Additionally, MENTORS is providing information to fellows interested in the VA Health Administration Health Services Research and Development Career Development Award Program. Click here to read the evaluation report and view a five-part series that provides guidance on applying for VA HSRD CDA.
I already had a fantastic research mentor and initially was not sure how much additional benefit the MENTORS program would provide. However, participating in the MENTORS program (especially the individual meetings) taught me how to take a step back, refresh my short-term and long-term career goals, learn how to maintain current professional relationships and how to network, and gain a better perspective on balancing clinical and research responsibilities. Overall, the program was a "bonus" to my research training.
Vaishali Patel, MD, Gastroenterology Fellow
How Do I Join?
An introductory email is sent to all Department of Medicine fellows at the beginning of the academic year. Please respond to this letter with your intention to participate. Fellows who indicate their interest in participating will be sent an email survey regarding availability. Every attempt is made to choose a time that is available to the most participants.
Bookmark this page to keep up with activities and learn more about MENTORS.
Deborah Fisher, MD, MHS
Associate Professor of Medicine
John Williams, MD
Professor of Medicine and Psychiatry and Behavioral Sciences
|Christine Bates||Pulmonary, Allergy and Critical Care Medicine|
|Dan Blalock||VA HSR&D|
|Bridgette Christopher||Cardiovascular Disease|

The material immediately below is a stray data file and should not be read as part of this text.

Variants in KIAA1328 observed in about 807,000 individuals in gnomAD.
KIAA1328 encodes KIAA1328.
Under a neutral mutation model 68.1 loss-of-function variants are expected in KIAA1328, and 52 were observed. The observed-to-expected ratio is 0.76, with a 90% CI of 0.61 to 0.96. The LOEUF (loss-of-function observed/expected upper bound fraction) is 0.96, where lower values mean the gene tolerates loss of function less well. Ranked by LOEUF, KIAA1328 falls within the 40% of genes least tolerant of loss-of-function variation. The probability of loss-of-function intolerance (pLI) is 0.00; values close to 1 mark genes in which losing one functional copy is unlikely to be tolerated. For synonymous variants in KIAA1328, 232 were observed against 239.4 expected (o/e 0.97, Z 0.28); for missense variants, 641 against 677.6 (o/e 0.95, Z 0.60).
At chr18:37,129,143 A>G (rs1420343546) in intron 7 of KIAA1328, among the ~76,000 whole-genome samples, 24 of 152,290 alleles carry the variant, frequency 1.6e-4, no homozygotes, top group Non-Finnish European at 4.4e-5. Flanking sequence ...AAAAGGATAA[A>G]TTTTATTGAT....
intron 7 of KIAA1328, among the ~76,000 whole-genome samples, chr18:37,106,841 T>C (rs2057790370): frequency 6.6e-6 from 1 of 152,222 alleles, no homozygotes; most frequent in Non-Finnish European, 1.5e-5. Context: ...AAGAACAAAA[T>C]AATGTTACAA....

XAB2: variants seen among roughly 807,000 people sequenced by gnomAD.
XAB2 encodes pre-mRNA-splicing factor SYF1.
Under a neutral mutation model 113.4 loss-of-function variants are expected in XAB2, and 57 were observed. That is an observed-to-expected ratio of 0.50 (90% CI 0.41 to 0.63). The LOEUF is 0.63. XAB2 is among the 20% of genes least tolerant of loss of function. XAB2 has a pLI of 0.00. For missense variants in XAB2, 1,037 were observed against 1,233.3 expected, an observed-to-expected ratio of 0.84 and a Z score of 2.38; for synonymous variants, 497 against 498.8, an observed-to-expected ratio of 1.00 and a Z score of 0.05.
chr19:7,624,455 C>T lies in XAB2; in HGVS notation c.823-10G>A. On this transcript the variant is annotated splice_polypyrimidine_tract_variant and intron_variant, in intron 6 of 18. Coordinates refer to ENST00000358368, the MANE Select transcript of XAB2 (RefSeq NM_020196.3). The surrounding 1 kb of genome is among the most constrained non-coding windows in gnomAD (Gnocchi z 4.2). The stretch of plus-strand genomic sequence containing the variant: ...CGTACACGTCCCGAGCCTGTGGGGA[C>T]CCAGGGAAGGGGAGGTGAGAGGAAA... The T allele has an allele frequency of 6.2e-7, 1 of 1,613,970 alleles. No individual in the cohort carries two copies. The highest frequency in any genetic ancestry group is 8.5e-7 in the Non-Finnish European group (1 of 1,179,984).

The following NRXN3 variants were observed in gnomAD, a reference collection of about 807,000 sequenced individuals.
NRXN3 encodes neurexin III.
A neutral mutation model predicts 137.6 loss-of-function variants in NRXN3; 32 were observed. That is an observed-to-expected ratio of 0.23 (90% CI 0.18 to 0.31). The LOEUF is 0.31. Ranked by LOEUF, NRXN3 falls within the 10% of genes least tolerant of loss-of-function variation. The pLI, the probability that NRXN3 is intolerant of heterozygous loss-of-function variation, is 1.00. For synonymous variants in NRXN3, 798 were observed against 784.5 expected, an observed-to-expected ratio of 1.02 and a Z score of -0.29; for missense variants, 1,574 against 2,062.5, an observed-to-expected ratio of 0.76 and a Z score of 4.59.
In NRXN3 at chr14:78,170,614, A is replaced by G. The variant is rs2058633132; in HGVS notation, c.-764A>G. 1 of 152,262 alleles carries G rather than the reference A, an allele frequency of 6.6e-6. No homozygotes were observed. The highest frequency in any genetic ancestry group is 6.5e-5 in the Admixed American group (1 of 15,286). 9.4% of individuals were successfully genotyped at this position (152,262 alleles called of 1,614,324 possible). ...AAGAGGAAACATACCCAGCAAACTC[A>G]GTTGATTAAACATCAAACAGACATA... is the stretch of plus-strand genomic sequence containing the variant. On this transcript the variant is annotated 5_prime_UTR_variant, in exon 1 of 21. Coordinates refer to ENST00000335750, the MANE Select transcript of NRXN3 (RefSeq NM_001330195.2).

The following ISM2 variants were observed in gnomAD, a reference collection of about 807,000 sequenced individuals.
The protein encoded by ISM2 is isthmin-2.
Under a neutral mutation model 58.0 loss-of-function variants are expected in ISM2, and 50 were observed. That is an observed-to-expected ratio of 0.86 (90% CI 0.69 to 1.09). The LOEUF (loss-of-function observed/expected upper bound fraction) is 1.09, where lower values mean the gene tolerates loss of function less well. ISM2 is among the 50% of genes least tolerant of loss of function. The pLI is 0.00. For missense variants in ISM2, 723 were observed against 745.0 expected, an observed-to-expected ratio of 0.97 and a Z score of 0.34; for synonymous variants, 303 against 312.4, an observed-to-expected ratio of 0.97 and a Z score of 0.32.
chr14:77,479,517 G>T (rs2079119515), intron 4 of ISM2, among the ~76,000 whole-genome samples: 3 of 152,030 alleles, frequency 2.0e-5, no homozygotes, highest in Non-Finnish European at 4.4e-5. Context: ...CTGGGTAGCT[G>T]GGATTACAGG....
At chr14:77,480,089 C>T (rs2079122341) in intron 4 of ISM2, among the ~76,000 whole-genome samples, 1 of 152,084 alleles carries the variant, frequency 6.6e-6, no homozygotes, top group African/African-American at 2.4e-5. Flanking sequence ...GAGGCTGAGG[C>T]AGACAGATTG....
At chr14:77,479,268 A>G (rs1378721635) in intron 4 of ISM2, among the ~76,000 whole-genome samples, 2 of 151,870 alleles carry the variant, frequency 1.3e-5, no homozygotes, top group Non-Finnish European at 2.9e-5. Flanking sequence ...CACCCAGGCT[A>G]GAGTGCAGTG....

|Emily Clausen||Pulmonary, Allergy and Critical Care Medicine|
|Jaime Hughes||VA HSR&D|
|Allison Lewinski||VA HSR&D|
|Joseph Lunyera||General Internal Medicine|
|Ko Ko Maung||Hematology-Oncology|
|Neelima Navuluri||Pulmonary, Allergy and Critical Care Medicine|
|Gedion Ngeno||Cardiovascular Disease|
|Megan Shepherd-Banigan||VA HSR&D|
MENTORS Class of 2016
|Anubha Agarwal||IM Residency Program|
|Bridgette Christopher||Cardiovascular Disease|
|Marion Hemersbach-Miller||Infectious Diseases|
|Andrew Strand||Infectious Diseases|
|MENTORS introduction||Corrine Voils, Deborah Fisher|
|Transition to Faculty and Job Negotiation||Cathy Wood|
|Mentoring and Collaborating from a Distance||Corrine Voils|
|Professional Networking||Yousuf Zafar|
|How to Give a Good Presentation (Debrief after videos)||Corrine Voils, Deborah Fisher|
|Orientation to Duke Library||Megan von Isenberg|
|WIP: Jeremy Force|
|Data Visualization||Angela Zoss|
|Orientation to Duke IRB||Cynthia Moylan|
|Reviewing Manuscripts||Heather Whitson|
|Media Training||Kevin Campbell|
|Preparing for Job Interview/Talk||Andrew Muir|
|How to Write a Letter of Support for Yourself and Others||Scott Palmer|
|Time Management||Peter Ubel|
|Writing Efficiently||Peter Ubel|
|Social Media to Enhance Your Career||Matthew Sparks|
|WIP: Yuval Patel|
|WIP: Megan Shepherd-Banigan|
|How to Lead a Meeting||Nicki Hastings|
|SCAP Science Culture and Accountability Plan||Richard Premont|
|WIP: Daniel Parker|
|How to Build an Effective Mentor/Mentee Relationship||Vance Fowler|
|WIP: Marion Hemmersbach-Miller|
|WIP: Anubha Agarwal|
|WIP: Robert Olivio|
|WIP: Laura Musselwhite|
|WIP: Jaime Hughes|
|WIP: Carol Traynor|
|WIP: Shannon Taylor|
|WIP: Melissa Makar|
|WIP: Bridgette Christopher|
I already had a mentor and research project planned before coming to Duke, but it was very helpful to have objective and supportive mentors outside my division. The lecturers were thought leaders at Duke and are great for new (or returning) fellows. The best part was having the opportunity to give a WIP presentation outside of my lab, division and group — it allowed me to refine my presentation for the next round.
Reilly Coch, MD, Endocrinology Fellow